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Increasing Labour Supply through Economic Migration
The Peer Review was held on 23rd and 24th June 2005 in Dublin, Ireland, hosted by the Department of Enterprise, Trade and Employment. In addition to the host country, a further twelve countries participated in the discussions as follows: Austria, Bulgaria, Cyprus, Finland, Hungary, Malta, the Netherlands, Norway, Portugal, Slovenia, Sweden and Turkey.

Increasing labour supply through economic migration
Ireland is a country of particular interest from a migration perspective, having moved from being a country of net emigration to being a country with one of the highest current rates of net immigration in the EU25. The current Irish migration policy focuses on helping meet the labour and skill needs for the growing economy through a system of work permits and working visa/work authorisation systems. The country has experienced relatively high economic growth since the mid 1990s and this has encouraged a corresponding increase in the number of economic migrants both from inside and outside the European Economic Area (EEA). Furthermore, no restrictions were applied to residents of the ten new Member States on accession in May 2004 and some 50,000 have entered Ireland for work since then.

The basic approach is that employers in Ireland are required to try and fill any vacancies they have with applicants from the EEA before offering jobs to those from outside – vacancies have to be advertised in the public employment service for a minimum of four weeks prior to offering a post to an applicant from outside the EEA. Such applicants must have a work permit, which are specific to one employer, one employee and one post and it is the employer who has responsibility for the application and its subsequent management.

On the face of it, the Irish approach has had some success. Immigration has played an important part in enabling Ireland to increase its labour supply and meet the needs of economic growth. Returning Irish nationals have been a significant part of total migration, but migration in total has accounted for one third of the increase in labour supply over the past five years. A key feature of the immigrant population is their relatively high levels of educational attainment, with some evidence of an occupational gap (well-qualified immigrants remaining in occupations at a lower level than their qualifications justify), particularly for those on work permits that may reduce their mobility in the labour market.

New legislation, the Employment Permits Bill, is scheduled to be published in 2005 and this is intended to provide a firmer legislative basis for the current administratively-driven system, allowing more accountability, certainty and transparency.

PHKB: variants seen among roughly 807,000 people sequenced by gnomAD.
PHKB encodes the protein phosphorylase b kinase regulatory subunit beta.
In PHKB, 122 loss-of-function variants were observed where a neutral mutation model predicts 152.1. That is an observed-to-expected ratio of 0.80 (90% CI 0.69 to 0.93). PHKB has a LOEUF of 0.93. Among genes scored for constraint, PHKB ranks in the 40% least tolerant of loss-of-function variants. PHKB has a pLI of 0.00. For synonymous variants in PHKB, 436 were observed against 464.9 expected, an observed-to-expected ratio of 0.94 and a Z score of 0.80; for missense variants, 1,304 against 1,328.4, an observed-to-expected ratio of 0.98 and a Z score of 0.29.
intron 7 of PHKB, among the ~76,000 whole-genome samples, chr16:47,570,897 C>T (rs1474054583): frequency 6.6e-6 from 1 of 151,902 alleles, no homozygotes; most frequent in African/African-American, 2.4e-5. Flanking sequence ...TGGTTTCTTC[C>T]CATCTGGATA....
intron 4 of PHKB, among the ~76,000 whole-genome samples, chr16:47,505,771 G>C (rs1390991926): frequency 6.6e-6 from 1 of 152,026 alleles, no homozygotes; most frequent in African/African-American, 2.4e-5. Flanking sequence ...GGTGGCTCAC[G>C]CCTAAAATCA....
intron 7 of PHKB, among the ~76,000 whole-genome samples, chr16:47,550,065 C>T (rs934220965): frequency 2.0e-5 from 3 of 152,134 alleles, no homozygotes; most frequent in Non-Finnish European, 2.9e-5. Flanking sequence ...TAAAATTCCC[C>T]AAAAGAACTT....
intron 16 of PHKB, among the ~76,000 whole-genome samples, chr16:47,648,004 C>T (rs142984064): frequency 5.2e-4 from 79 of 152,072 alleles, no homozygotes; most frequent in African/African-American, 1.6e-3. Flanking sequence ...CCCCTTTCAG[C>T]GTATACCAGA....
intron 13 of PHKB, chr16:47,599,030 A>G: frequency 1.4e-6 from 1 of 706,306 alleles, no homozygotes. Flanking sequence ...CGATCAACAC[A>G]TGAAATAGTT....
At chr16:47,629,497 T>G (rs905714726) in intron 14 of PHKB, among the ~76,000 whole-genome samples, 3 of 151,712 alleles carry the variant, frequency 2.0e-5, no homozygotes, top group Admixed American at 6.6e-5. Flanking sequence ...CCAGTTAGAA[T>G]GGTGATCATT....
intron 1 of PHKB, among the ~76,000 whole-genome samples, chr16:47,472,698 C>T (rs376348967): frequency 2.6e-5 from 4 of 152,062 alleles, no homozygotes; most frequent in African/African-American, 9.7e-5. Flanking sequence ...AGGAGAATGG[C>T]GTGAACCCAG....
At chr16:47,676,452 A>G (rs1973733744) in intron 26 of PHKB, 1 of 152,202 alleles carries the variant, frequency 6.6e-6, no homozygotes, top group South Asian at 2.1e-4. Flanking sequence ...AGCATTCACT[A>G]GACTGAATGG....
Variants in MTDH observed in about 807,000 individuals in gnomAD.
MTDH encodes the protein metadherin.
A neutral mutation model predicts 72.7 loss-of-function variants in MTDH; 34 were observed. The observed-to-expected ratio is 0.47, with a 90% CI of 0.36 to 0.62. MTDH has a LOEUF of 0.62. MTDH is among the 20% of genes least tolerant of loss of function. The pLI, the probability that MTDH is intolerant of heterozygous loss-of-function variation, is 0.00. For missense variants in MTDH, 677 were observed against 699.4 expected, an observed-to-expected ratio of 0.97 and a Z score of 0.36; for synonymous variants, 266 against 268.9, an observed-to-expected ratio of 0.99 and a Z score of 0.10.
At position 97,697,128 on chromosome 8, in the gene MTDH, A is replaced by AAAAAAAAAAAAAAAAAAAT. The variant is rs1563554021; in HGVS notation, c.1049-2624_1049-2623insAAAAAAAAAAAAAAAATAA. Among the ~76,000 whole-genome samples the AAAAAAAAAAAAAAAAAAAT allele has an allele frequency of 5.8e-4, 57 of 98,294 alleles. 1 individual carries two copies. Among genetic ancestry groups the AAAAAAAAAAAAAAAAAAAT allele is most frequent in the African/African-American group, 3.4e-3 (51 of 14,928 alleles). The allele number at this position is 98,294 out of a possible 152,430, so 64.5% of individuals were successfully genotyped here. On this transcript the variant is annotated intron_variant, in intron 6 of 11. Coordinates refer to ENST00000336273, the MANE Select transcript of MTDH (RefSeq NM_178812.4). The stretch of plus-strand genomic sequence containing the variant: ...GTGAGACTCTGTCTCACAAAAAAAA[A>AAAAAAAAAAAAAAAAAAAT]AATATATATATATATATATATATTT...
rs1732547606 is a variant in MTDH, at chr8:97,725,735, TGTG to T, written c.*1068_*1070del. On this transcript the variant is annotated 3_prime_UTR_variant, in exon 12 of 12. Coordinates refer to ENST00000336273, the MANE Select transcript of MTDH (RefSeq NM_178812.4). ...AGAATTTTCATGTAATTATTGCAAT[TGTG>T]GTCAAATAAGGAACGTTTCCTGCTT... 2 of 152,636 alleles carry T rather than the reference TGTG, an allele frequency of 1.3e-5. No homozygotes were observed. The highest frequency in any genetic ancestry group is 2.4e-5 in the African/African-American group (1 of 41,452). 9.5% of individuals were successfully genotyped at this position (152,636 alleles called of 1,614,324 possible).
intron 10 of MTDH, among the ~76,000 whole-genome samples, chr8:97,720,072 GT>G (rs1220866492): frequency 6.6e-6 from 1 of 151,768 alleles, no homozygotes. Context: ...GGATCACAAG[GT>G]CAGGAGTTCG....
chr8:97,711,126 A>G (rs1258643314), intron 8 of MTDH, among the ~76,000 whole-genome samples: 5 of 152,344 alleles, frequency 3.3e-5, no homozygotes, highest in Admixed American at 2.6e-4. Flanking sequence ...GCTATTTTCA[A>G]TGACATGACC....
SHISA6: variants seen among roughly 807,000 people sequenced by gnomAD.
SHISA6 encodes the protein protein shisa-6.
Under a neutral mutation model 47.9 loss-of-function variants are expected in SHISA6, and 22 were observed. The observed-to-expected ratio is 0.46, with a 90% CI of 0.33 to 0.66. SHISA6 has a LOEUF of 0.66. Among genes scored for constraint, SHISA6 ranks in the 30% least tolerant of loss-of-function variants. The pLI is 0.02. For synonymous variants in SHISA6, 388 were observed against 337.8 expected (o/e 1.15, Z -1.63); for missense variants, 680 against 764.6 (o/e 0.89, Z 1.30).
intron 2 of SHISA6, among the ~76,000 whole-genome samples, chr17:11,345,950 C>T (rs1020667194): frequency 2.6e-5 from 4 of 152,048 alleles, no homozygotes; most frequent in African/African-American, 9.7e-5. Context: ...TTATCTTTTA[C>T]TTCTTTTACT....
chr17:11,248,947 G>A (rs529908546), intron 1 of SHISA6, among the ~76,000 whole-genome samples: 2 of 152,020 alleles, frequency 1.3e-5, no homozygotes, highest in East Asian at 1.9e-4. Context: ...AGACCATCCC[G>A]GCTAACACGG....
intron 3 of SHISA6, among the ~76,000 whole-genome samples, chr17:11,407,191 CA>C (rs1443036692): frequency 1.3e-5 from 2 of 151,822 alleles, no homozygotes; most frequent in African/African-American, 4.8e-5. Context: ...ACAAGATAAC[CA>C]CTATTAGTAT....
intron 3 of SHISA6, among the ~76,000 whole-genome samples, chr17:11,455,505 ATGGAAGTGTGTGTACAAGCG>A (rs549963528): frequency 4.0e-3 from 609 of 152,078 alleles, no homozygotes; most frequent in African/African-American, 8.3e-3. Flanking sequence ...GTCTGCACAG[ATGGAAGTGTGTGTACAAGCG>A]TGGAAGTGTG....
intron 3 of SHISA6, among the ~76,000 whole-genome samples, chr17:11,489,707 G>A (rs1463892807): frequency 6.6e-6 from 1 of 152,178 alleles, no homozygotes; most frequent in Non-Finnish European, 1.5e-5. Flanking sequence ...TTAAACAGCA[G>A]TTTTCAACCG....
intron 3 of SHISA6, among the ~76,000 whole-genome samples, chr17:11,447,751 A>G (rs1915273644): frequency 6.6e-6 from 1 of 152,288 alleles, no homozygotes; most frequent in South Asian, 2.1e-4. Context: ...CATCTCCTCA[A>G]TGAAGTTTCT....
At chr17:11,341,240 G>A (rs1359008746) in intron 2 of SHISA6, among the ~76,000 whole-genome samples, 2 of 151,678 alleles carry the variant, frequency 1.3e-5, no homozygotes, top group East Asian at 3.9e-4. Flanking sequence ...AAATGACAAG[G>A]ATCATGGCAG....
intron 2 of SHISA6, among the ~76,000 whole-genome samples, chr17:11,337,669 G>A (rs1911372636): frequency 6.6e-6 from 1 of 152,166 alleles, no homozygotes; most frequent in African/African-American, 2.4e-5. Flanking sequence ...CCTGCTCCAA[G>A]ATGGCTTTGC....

Aspects of Transferability
The migration experience of the peer countries was mixed, with some sharing similar issues to Ireland, while others (particularly new member states and accession states) had different perspectives. In several of the latter the dominant pattern has been one of emigration rather than immigration, although for some of these this pattern was shifting, with increased immigration levels, and for most countries there was some form of regulation on immigration and work permits featured strongly in this.

Generally the Irish policy was seen as appropriate in a situation of economic growth, though there were concerns over the employer-focused work permit system that might reduce individual freedom and flexibility in the labour market. However, it was felt that consideration needs to be given to what happens to the position of the migrants when there is an economic downturn, though some of this negative effect on labour demand may be counteracted by the labour supply constraints arising from demographic change. More generally, some participants from countries with longer experience of significant net immigration raised some questions about the longer-term sustainability of the Irish approach. Some possible improvements were also suggested to the Irish approach, eg the possibility of allowing individuals rather than firms to hold work permits to encourage the mobility of migrants within the Irish labour market and tackle the ‘occupational gap’. Some concerns were also raised regarding the extent to which migrants are being effectively integrated into the Irish labour market and society.

Irish Government Paper
Discussion Paper - Alan Barrett

Statements and Comments

Participating independent experts


Karin MAYR

Johannes Kepler University of Linz



Institute of Market Economic


Cyprus Labour Institute

Finland Sari PEKKALA

Gouvernment Institute for Economic Research

Hungary Endre SIK TÁRKI Research Institute
Malta Marisa XUEREB University of Malta
Netherlands Jeroen DOOMERNIK University of Amsterdam
Norway Grete BROCHMANN Institute for Social Research
Portugal Helena MIRANDA Technical University of Lisbon
Slovenia Simona ZAVRATNIK ZIMIC University of Primoska, Science and Research Centre of Koper
Sweden Donald STORRIE Centre of European Labour Market Studies
Turkey Murat KIRDAR Middle East Technical University
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